Protect Indigenous Youth From Tobacco Use Too #SparkChange
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There are two stories of smoking in Canada. The current smoking rate of Indigenous youth is nearly 40%, compared to 4% for Canadian youth overall. Given that the Canadian youth smoking rate was roughly 20% in 1998, one of these stories is a successful one. But why doesn’t the other have a happy ending in sight?
The Indigenous youth smoking rate has barely changed in decades. In some parts of the country, like British Colombia, it’s as high as 54%. We also know that Indigenous youth start smoking at younger ages than non-Indigenous youth smokers, and that young Indigenous women are at the greatest risk of starting to smoke.
The Canadian government should be proud of what they’ve done to protect their kids from smoking. But they should also know that these efforts don’t always extend to all communities.
Decades ago the Canadian government banned tobacco advertising. This protected kids from the glamour images of smoking, and kept cigarettes farther from their minds. But on reserves within a one-hour drive from Ottawa or Montreal, huge tobacco billboards promote cigarettes everywhere and posters offer prizes and discounts.
Taxes for cigarettes have also sky-rocketed in the last twenty years. A pack of 25 smokes in Ottawa costs $14, which makes kids think twice about laying down a lot of cash for a bad habit. But 200 native-brand cigarettes can be bought all over for just a few dollars.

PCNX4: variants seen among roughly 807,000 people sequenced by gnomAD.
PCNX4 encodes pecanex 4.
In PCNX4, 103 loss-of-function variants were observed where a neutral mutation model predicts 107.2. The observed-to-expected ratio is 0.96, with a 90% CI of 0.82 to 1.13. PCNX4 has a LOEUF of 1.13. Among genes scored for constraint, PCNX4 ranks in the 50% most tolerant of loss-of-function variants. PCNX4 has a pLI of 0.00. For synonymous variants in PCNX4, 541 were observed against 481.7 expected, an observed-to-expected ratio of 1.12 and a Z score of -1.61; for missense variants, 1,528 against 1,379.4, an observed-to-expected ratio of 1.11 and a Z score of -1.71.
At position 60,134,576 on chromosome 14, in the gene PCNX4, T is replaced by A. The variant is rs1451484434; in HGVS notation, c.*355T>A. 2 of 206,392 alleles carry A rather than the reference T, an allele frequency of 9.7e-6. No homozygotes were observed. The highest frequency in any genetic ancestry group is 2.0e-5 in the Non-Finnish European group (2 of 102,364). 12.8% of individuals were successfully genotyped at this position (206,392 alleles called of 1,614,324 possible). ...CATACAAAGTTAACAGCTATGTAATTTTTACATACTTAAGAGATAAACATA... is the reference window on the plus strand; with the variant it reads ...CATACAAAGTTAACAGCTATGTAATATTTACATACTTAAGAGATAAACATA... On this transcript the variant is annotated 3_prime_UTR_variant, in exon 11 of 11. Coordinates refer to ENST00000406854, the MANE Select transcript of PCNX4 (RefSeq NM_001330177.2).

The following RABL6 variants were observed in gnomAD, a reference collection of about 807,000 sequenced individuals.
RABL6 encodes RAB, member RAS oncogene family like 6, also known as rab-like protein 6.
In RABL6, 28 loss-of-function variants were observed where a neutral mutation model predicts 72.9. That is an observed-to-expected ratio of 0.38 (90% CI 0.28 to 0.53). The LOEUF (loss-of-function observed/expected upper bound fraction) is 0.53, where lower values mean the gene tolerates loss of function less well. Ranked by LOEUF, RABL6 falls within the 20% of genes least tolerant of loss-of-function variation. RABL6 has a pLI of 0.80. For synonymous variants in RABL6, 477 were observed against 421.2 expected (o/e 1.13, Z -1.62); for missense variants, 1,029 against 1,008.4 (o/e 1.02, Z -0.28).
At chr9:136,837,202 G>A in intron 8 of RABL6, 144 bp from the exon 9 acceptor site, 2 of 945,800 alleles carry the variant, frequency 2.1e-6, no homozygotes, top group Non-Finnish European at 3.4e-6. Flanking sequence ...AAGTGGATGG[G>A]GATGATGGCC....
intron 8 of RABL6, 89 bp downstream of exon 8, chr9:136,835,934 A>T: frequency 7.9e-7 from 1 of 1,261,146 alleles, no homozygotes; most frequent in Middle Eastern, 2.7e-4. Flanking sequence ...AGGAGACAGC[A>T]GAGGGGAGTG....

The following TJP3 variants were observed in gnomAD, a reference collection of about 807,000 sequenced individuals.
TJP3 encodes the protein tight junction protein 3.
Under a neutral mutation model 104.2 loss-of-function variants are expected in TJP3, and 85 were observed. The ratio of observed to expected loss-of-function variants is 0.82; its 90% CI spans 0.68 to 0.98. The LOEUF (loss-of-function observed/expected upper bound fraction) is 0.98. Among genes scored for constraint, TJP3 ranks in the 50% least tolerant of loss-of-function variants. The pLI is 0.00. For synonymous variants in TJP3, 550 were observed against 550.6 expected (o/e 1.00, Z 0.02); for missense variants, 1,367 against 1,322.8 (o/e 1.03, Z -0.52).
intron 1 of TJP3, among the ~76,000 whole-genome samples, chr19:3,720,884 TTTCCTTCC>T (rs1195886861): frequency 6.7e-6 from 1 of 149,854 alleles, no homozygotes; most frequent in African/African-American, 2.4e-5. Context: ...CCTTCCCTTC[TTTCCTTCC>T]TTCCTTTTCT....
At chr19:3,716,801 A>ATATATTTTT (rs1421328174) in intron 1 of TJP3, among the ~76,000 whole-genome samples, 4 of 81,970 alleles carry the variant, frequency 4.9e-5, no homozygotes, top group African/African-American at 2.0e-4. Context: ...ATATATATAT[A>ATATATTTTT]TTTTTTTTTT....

Packs of cigarettes across Canada are covered with warning messages and terrifying photos of the consequences of smoking. But my friends at school smoked cigarettes from plain zip-lock baggies, and the messages were lost on them.
Indigenous cultures have always used tobacco for ceremonial and spiritual purposes, but this doesn’t include cigarettes. We need to honour and celebrate our histories, and doing that should include keeping our kids away from types of tobacco that aren’t part of our culture.
Non-Indigenous kids growing up in Canada are pretty well protected from the dangers of smoking. They will never see a cigarette ad, never see cigarettes for sale, never be allowed to buy cigarettes from a store, and won’t be tempted by mint flavours and cheap prices.
We now need to hear our government and leaders talk about ways to make sure that all kids in Canada are equally protected.
Please sign this petition to tell the Minister of Health, the Minister of Indigenous Services, and our Assembly of First Nations that anti-smoking protections given to Canadian youth need to be extended to Indigenous youth too.
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